Well, if you do, you probably love the smell of coffee and chocolate.
Science reveals that books are composed of paper, bindings, and ink. These three things contain chemical compounds. Over time, chemical compounds can be broken down thanks to the moisture, heat, and light in their surroundings. When this happens, volatile organic compounds are released into the air...and when you open an old or new book.
Here's an example of some the compounds from books that smell like coffee and chocolate too:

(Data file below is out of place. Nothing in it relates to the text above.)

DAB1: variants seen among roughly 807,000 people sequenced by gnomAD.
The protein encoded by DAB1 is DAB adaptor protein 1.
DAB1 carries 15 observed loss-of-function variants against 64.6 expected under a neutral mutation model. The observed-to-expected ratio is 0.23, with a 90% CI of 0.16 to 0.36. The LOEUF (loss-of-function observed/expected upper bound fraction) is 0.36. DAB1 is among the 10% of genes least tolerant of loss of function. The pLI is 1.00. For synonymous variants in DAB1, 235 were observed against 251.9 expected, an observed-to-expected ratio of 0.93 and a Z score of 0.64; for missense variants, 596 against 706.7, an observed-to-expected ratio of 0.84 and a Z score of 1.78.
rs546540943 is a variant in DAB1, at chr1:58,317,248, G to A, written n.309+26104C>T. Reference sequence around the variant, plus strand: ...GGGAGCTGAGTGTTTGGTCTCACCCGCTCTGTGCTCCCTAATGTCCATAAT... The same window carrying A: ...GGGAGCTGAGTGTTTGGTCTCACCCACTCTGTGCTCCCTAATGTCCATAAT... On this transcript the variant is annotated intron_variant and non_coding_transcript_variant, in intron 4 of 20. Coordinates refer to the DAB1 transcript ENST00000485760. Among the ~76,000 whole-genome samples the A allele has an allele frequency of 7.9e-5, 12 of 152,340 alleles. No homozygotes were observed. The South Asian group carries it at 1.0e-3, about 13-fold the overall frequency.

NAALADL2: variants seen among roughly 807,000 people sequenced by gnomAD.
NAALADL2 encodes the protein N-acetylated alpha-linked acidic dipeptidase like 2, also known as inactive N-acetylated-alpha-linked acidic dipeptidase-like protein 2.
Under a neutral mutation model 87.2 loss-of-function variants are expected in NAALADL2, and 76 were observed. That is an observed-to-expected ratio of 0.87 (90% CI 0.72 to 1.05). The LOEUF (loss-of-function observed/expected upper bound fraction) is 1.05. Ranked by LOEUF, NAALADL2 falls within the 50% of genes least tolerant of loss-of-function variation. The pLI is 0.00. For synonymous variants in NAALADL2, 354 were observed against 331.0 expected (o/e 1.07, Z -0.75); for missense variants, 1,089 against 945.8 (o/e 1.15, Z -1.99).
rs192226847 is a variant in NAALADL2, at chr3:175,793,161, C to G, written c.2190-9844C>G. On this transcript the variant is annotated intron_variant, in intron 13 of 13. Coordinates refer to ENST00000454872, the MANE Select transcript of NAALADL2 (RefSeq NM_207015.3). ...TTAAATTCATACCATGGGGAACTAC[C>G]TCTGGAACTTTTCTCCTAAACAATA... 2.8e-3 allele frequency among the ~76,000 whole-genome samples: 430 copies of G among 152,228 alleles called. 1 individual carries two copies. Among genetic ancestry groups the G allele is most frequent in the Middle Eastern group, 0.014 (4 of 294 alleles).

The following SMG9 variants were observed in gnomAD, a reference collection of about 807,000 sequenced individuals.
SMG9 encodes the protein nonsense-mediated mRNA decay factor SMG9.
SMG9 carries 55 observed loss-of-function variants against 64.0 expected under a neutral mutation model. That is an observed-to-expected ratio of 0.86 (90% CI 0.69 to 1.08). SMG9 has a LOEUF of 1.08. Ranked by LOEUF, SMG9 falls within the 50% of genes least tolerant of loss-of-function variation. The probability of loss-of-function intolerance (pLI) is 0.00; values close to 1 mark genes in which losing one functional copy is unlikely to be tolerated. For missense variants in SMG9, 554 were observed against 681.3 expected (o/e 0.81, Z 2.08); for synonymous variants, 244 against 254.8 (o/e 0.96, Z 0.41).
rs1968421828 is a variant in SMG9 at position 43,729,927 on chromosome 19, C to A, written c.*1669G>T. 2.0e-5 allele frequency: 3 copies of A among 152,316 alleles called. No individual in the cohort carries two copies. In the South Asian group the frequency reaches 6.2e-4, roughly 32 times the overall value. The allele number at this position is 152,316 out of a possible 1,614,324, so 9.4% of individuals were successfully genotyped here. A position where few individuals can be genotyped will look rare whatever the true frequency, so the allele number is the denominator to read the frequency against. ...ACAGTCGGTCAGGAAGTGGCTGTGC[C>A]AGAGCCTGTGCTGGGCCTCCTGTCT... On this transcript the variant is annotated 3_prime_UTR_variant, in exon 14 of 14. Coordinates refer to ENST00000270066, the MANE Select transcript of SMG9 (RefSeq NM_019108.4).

- Benzaldehyde: Is also naturally found in almonds, which is why you may detect a hint of nuttiness when you open a good book.
- Vanillin: Gives vanilla its smell and flavor. It can, thus, make books smell the same.
- Ethylbenzene: Aside from setting up shop in books, this compound can also be found in paints, plastics, and inks. It gives off a slightly sweet scent.
- 2-Ethyl Hexanol: A form of alcohol used in flavors, scents, and solvents. Has a delicate, floral aroma.
- Hydrogen Peroxide: Is mainly found in new books, since it helps to bleach the paper. Can add to the crisp, fresh scent of a new book.
- Alkyl Ketene Dimers: Makes the paper a bit water-resistant. Helps create that “new book” smell.